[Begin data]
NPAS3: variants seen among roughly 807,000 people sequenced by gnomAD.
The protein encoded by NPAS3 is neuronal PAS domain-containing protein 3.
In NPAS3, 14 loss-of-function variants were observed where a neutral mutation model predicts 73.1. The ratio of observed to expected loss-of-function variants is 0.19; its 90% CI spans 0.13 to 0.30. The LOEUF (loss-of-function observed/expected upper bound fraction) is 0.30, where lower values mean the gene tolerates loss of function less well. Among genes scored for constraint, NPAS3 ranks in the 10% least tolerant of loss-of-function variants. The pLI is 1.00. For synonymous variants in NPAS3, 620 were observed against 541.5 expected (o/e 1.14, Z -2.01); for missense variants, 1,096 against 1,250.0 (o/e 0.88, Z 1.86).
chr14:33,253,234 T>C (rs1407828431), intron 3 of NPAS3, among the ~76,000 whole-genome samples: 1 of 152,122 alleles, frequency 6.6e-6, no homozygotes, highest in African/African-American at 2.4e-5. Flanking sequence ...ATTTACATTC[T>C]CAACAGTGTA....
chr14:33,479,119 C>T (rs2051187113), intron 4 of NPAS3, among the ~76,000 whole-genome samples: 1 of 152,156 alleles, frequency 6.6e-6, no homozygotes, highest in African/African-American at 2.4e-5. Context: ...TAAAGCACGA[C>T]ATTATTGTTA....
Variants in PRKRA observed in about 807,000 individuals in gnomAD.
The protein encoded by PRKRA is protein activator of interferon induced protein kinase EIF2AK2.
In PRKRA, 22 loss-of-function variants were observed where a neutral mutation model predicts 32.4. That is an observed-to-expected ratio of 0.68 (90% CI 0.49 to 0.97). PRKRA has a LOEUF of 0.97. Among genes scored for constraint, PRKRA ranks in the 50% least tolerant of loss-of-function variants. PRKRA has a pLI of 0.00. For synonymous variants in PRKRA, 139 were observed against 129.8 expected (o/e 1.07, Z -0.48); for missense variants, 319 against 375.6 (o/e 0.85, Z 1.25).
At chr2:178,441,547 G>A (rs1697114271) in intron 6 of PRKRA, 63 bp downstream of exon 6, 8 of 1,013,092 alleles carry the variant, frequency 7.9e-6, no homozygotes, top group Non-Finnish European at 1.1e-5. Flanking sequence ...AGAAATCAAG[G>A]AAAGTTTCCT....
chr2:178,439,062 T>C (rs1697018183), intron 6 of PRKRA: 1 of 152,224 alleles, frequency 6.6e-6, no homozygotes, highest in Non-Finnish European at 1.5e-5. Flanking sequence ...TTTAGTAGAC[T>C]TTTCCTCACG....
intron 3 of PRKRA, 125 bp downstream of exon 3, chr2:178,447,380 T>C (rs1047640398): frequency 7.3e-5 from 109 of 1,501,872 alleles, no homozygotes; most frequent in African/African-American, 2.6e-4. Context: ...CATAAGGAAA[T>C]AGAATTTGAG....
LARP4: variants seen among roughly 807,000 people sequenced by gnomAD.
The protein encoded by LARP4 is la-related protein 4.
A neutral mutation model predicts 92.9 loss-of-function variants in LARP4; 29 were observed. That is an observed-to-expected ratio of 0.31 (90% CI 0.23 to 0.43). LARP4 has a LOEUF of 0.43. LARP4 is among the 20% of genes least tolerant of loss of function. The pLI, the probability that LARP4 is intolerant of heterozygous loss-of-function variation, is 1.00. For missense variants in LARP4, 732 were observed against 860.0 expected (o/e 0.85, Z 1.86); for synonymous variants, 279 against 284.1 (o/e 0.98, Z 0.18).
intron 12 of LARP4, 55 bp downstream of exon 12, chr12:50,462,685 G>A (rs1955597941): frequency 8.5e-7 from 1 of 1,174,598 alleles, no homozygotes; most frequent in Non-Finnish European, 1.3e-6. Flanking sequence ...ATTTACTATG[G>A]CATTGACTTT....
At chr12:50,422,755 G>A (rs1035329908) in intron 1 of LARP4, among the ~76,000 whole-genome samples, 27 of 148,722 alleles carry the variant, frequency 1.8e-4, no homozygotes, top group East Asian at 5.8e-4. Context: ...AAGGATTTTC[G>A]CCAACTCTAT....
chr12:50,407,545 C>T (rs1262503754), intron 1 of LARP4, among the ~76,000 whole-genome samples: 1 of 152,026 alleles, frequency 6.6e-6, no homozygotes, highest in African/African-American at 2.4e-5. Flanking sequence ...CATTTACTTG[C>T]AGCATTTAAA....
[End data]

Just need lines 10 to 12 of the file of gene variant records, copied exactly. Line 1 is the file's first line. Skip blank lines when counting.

chr2:178,439,062 T>C (rs1697018183), intron 6 of PRKRA: 1 of 152,224 alleles, frequency 6.6e-6, no homozygotes, highest in Non-Finnish European at 1.5e-5. Flanking sequence ...TTTAGTAGAC[T>C]TTTCCTCACG....
intron 3 of PRKRA, 125 bp downstream of exon 3, chr2:178,447,380 T>C (rs1047640398): frequency 7.3e-5 from 109 of 1,501,872 alleles, no homozygotes; most frequent in African/African-American, 2.6e-4. Context: ...CATAAGGAAA[T>C]AGAATTTGAG....
LARP4: variants seen among roughly 807,000 people sequenced by gnomAD.